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Orchestrator of Storms: The Fantastique World of Jean Rollin

by Hope Madden

Who is Jean Rollin? He was an underappreciated French genre filmmaker of the 70s, 80s and 90s – kind of the Jess Franco of France.

Who is Jess Franco? A horror filmmaker known primarily for lurid, colorful B-pictures, often featuring hot, naked lesbian vampires. He’s the Jean Rollin of Spain.

You’ll be better able to tell them apart if you watch Orchestrator of Storms: The Fantastique World of Jean Rollin. Documentarians Dima Ballin and Kat Ellinger want to make sure the world remembers and recognizes Rollin’s contribution to film. Changing the smarmy discourse among those of us who do know his work is a second-tier goal.

That’s not to say that the filmmakers shy away from Rollin’s poor critical reception or comparisons to Franco. Indeed, Rollin stepped in to complete two films Franco started, including Zombie Lake, a film so terrible it nearly ended Rollin’s career.

Talking with several of Rollin’s colleagues, a couple of the actresses best known for his films, and writers who’ve championed his work, Orchestrator of Storms tells the tale of an artist who loved what he did and struggled to make a career out of filmmaking regardless of the challenges. He even directed a load of hard-core porn titles to keep the lights on.

Fascinatingly, one of the challenges was France itself, which, in the 70s and 80s, was hardly a hot spot for genre filmmaking. Being a contemporary of New Wave artists, Rollin faced backlash for his fanciful, decidedly unpolitical output.

A lot of the struggle could also have been that many of Rollin’s films are just plain terrible, a possibility mostly unexplored in the doc. But what’s most intriguing is the image you get of Rollin as a person, mainly from actors Brigitte Lahaie and Francoise Pascal, as well as former film festival programmer Kier-La Janisse, who also produces.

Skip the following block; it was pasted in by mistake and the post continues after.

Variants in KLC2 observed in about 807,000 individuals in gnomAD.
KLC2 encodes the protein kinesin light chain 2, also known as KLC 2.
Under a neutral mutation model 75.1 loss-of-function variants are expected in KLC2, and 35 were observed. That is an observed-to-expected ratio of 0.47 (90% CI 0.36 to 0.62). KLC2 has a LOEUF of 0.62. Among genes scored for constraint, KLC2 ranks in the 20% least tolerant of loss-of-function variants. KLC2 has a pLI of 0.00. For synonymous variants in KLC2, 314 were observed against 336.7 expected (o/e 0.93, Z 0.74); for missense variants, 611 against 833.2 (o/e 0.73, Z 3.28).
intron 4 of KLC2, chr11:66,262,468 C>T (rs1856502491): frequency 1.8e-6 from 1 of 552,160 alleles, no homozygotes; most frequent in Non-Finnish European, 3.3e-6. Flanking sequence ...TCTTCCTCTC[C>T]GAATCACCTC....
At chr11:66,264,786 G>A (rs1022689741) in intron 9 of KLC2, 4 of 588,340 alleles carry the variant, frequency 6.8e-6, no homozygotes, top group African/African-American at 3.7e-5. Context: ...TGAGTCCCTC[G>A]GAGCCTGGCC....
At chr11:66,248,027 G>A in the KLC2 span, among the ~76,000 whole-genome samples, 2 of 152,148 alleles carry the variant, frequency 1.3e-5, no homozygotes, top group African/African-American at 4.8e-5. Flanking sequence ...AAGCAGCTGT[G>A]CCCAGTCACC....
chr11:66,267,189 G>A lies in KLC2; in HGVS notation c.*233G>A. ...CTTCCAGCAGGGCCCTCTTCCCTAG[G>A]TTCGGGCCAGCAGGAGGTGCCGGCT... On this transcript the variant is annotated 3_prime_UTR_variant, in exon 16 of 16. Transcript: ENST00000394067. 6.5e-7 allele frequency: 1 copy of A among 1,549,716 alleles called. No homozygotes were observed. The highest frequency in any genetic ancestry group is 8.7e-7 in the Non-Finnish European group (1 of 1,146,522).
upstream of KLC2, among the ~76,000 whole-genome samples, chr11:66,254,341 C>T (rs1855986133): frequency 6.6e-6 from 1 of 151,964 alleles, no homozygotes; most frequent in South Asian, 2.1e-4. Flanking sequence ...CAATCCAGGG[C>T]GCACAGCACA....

They build a picture of a humble, kind man driven to exercise his imagination. And, as the film rightly points out, there are times when that imagination delivered amazing product. Fascination, The Iron Rose and Living Dead Girl are more than macabre dances among the nubile nude, although they certainly are that as well. With these films, Rollin’s evocative imagery details gruesome stories unlike anything else.

Orchestrator of Storms would have benefitted from more of Rollin’s work. Though Vallin and Ellinger do a fine job of enlivening talking head footage, no one’s movies looked like Rollin’s. Talking about his aesthetic doesn’t do them justice. You need to look at them.

That aside, this is a film that deeply appreciates a filmmaker who rarely received such love. The conversations are candid and often moving. The film leans a little too close to mash note, but there is something undeniable in the work of Jean Rollin that probably deserves this kind of love.